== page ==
The Two Moors Festival garden party: A preview

The sun is shining, the weather is sweet and here at the Two Moors we’re counting down the days until our annual garden party takes place. On June 23rd and 24th, Barkham will be overrun with lots of talented musicians, all of whom are no doubt warming up their instruments, restringing their bows and optimistically packing their suncream in anticipation of two days of fun, frolic and playing an abundance of wonderful music on the croquet lawn and in the apple orchard.

We’ve been holding our garden parties every year since the Two Moors began and it has since become one of the most eagerly awaited events we put on – apart from the two weeks of concerts in October, of course! Come rain or shine (generally rain, in typical British summertime tradition), we welcome people from all over the UK, who come to enjoy a day out in the Exmoor countryside, complete with a delightful musical backdrop.

But music ain’t just the name of the game where the garden party is concerned and you need to make sure you come to Barkham with a very empty tummy. Think sinfully rich Devon cream teas, never-ending jugs of Pimms, summery salads, coronation turkey, vegetable quiche and all sorts of other tasty treats, all homecooked by festival artistic director Penny Adie and her merry band of helpers. This year, John Adie will also be throwing his chef’s hat into the ring and for the first time in festival garden party history he’ll be firing up the barbecue and grilling some of Devon’s finest sausages – all locally sourced.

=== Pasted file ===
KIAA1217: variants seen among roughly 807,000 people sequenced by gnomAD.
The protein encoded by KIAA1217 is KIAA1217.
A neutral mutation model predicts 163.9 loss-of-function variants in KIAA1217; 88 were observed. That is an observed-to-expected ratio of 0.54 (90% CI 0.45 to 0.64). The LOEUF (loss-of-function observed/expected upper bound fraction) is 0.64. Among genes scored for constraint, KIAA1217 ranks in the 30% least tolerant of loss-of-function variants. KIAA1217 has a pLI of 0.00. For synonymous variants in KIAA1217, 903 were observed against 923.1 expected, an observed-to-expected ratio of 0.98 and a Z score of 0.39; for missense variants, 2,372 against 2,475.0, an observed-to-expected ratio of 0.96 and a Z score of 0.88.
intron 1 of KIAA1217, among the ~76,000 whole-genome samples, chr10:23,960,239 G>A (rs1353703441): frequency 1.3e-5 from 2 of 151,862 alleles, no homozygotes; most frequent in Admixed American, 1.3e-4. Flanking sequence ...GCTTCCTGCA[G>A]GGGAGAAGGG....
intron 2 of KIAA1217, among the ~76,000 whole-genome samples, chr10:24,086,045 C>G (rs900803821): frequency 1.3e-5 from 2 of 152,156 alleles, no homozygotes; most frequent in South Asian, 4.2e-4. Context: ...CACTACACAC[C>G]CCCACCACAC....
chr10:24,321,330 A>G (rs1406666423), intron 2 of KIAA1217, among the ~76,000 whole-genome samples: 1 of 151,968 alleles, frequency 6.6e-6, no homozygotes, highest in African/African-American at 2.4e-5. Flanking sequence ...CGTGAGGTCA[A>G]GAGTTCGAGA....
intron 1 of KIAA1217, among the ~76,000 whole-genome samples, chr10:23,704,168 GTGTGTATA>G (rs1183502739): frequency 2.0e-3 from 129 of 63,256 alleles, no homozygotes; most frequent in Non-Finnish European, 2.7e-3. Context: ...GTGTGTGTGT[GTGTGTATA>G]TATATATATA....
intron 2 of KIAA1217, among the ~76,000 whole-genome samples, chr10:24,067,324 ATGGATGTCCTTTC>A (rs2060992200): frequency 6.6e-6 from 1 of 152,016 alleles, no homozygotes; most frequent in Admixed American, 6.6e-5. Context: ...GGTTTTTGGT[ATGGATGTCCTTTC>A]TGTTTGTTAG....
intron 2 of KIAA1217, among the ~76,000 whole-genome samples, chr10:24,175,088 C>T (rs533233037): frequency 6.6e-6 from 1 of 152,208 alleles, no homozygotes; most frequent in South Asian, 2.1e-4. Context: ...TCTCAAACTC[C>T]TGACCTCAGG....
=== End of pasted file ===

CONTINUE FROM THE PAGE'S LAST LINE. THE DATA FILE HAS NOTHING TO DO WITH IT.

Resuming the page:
Another reason both visitors and musicians love to come to Barkham for various musical shindigs is the fabulous festival dog, Flora. She’s a ridiculously friendly German Shepherd who craves attention, so make sure you give her a big pat on the head when you see her trotting around being nosey.

If you think the garden party sounds like something you’d like to attend, you’ll be pleased to hear that we have two tickets to give away, which come with a free glass of Pimms to top it all off.

All you have to do to win is answer this (very) easy question:

Who is the festival’s mascot?

Leave your answer in the comment box below and you could soon be enjoying the sun (hopefully) in the idyllic Devonshire countryside.

To book tickets (although you can buy them on the day), call 01643 831 370.

Tickets £6 each.

In pictures

Here are a few snaps of past garden parties.

Penny cooking up a storm
How many strawberries?
Flora joining in the fun
Get to work!
Relaxing on the patio
The perfect place to play music
Strike a chord
Some serious salad
In the gazebo
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4 of the best: Opera baddies

No matter how much they doth protest, everyone loves a villain really, don’t they? Life would be exceedingly dull if it was all puppies and roses from beginning to end and, certainly, nobody would bother going to the opera if Carmen was a demure, sweet girl who brandished flowers instead of knives and who didn’t have such wanton ways.